In the process, he helped historians understand the motives of men and women in social movements – Primitive Rebels – written off as hopelessly utopian. He helped to rescue such movements from the "enormous condescension of posterity", to borrow a phrase from his friend and colleague, EP Thompson. It was this research which perhaps most enhanced his reputation in Italy, the Iberian peninsula and Latin America, where he was fêted by historians and presidents.
Marxism led Hobs-bawm to look sceptically at other constructs such as national or ethnic identity, which might conflict with or impede the recognition of underlying economic or class interests. He was responsible, with Terence Ranger, for organising for the journal Past and Present the conference which must rank as the funniest, as well as profound, consideration of – in the words of their 1983 book – The Invention of Tradition. It contains descriptions by Hugh Trevor-Roper of the invention of the Scottish kilt in the 18th century by an English Quaker, and that by Prys Morgan of the development of an homogenised Welsh costume for women – in the Mother Goose style – by Lady Llanover in 1834. But Hobsbawm drew from this and other examples a sense of the danger of the misuse of history, exemplified more recently in the conflict in the Balkans. It was this sense that national identity, constructed too often to serve the interests of politicians, could mislead peoples into disaster, that led him to a long-standing hostility towards Zionism.
Historians praise his contributions in the 1950s to the "standard of living debate" and in the 1960s and 1970s to the creation of the discipline of social history. Since Engels and Macaulay, historians have argued about whether the Industrial Revolution improved the condition of the working class. Hobsbawm used a range of historical sources to suggest that economic welfare declined in the middle of the 19th century, as a result of the rise of factories and industrial cities.
In his 1971 essay "From social history to the history of society", he provided a theoretical basis for the relatively new discipline of social history. Rooting himself, as always, in Marxism, he was also open to contemporary sociology – though he deplored its unhistorical nature. He urged historians, and himself, to break away from the early identification of social history with the history of labour. Social history should be concerned with behaviour and consciousness in a range of areas, including his beloved jazz. He also emphasised the importance of an internationalist outlook.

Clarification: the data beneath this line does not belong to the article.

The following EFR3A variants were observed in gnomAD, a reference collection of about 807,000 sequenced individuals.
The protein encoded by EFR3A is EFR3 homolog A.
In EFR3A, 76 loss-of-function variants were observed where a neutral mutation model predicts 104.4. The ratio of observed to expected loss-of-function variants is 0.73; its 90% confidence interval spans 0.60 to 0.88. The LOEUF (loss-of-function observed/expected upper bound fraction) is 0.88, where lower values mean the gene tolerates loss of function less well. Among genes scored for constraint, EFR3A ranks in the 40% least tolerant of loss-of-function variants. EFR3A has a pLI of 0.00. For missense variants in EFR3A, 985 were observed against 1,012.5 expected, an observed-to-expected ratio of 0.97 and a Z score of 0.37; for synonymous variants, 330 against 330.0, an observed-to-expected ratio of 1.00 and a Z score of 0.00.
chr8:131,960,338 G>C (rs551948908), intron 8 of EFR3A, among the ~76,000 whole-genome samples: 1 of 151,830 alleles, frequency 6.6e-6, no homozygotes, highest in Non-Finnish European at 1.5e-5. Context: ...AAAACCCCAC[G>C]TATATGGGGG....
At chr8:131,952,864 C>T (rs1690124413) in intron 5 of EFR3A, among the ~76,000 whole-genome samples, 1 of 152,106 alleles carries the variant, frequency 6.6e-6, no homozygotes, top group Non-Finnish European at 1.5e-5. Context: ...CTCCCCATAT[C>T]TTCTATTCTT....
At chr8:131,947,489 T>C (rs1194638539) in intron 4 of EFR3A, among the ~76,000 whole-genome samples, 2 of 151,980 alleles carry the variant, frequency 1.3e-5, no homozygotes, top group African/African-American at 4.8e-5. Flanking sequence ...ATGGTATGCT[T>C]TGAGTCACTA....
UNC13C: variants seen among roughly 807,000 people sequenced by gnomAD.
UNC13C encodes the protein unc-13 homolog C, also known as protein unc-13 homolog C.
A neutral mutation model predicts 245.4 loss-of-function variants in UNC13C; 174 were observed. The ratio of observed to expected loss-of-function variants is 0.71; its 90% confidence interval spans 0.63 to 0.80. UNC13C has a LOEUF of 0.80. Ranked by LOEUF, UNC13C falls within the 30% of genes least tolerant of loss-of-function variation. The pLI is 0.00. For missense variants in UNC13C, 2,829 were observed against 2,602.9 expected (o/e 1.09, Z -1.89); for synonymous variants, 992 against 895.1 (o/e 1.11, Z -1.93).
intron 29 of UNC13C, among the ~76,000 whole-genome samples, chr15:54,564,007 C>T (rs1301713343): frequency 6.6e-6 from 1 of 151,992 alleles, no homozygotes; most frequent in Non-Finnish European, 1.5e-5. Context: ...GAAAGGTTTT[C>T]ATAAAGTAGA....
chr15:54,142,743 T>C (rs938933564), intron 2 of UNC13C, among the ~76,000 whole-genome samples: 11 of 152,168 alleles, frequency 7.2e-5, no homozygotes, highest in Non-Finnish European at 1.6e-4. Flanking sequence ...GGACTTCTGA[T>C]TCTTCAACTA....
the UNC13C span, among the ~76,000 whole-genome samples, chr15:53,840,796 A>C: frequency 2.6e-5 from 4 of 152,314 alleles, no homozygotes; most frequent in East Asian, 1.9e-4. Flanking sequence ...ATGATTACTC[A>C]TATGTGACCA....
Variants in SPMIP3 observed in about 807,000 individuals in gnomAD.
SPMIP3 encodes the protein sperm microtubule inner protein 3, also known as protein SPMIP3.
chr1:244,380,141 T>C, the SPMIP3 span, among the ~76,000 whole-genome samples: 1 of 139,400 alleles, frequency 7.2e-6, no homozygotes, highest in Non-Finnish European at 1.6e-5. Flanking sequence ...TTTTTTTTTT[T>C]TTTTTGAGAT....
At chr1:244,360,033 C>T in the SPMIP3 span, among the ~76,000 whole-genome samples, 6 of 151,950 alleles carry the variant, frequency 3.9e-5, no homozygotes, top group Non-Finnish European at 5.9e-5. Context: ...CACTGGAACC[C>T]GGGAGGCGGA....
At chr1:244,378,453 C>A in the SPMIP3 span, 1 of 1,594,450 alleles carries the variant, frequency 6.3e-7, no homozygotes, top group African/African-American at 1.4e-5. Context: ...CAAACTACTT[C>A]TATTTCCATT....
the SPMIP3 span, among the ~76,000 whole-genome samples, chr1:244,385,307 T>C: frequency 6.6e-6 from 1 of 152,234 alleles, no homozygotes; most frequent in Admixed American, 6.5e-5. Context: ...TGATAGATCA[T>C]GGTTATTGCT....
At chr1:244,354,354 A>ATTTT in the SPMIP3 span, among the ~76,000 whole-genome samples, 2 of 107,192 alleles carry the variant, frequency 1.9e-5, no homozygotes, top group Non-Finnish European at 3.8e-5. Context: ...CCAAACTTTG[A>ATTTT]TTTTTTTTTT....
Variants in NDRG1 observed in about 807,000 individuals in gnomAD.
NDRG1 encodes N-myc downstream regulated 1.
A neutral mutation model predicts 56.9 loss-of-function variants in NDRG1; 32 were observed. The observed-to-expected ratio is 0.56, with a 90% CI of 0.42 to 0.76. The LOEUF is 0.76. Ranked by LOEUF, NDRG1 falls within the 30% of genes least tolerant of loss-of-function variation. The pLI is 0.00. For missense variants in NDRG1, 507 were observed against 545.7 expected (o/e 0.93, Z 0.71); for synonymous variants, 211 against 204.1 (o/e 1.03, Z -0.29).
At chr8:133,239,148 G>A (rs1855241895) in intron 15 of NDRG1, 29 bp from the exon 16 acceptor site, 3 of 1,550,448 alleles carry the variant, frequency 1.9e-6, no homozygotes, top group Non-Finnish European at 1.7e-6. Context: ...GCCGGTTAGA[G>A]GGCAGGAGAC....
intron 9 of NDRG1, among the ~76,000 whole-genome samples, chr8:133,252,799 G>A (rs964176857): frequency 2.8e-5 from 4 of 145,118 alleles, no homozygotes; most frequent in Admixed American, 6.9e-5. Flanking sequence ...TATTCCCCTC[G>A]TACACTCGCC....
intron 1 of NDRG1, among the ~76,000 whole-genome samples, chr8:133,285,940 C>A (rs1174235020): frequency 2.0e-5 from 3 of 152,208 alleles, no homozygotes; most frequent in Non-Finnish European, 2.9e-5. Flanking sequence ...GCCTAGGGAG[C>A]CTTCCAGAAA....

Historians recognise that Hobsbawm's greatest contribution to their subject lies in the trilogy which brought him and his topic to the attention of the history-reading public. The Age of Capital, 1848-1875, The Age of Empire and Age of Extremes: the short 20th century, 1914-1991 appear on bestseller lists. They also demonstrate Hobsbawm's extraordinary knowledge of historical scholarship, his linguistic skills, retentive memory and, above all, his ability to synthesise and generalise from telling example.
It would be overly cynical to suggest that Hobsbawm's success as an historian stimulated jealousy. But the esteem in which he was held evoked hostility from those who could not forgive his Communism. An intellectual adherence to Marxism can, some argue, be explained in terms of the times in which he grew up; but to continue to defend the Communist Party long after the evidence of atrocities became known, is to some inexcusable.
Historians do not exist to make moral judgements, but to explain. Hobsbawm's adherence to the Communist cause stems from the circumstances in which, as a Jew, he was recruited in Berlin in 1932. It became later a consuming passion in a world of chaos and impending disaster. Living in different times, the extremity of that passion sometimes seems hard to understand. Today, few would be able to write of their politics – though they might of their religion: "The Party was what our life was about. We gave it all we had. In return, we got from it the certainty of our victory and the experience of fraternity."
It is possible that some part of his reluctance to disavow Communism even when it was failing stemmed from a wish not to betray the memory of former comrades. To be a Communist in the 1930s and '40s was dangerous. As he wrote: "We were not liberals. Liberalism was what had failed. In the total war we were engaged in, one did not ask oneself whether there should be a limit to the sacrifices imposed on others any more than on ourselves. Since we were not in power, or likely to be, what we expected was to be prisoners rather than jailers." Like many others before and since he believed that the cause – in his case a utopian socialist society – justified the sacrifice that he and his comrades were willing to make – and also the loss of innocent lives.
Hobsbawm's clear-sighted analysis of the realities of contemporary politics made him attractive to Neil Kinnock, and later to New Labour when they were seeking an intellectual foundation for social democracy after the individualism of the Thatcher years and the failure of command socialism. Although his later scepticism about the Blairite project and his opposition to the Iraq war diminished his popularity with New Labour politicians, his influence as a commentator continued. It is marked by a deep allegiance to, and concern for, Britain, and it was no surprise to his friends that he became a Companion of Honour in 1998. He was proud of that, of his honorary fellowship of King's College, of his many honorary degrees, and perhaps above all of his presidency of Birkbeck College.
Eric John Ernest Hobsbawm, historian: born Alexandria, Egypt 9 June 1917; married 1943 Muriel Seaman (divorced 1951), one son, 1962 Marlene Schwarz (one son, one daughter); died London 1 October 2012.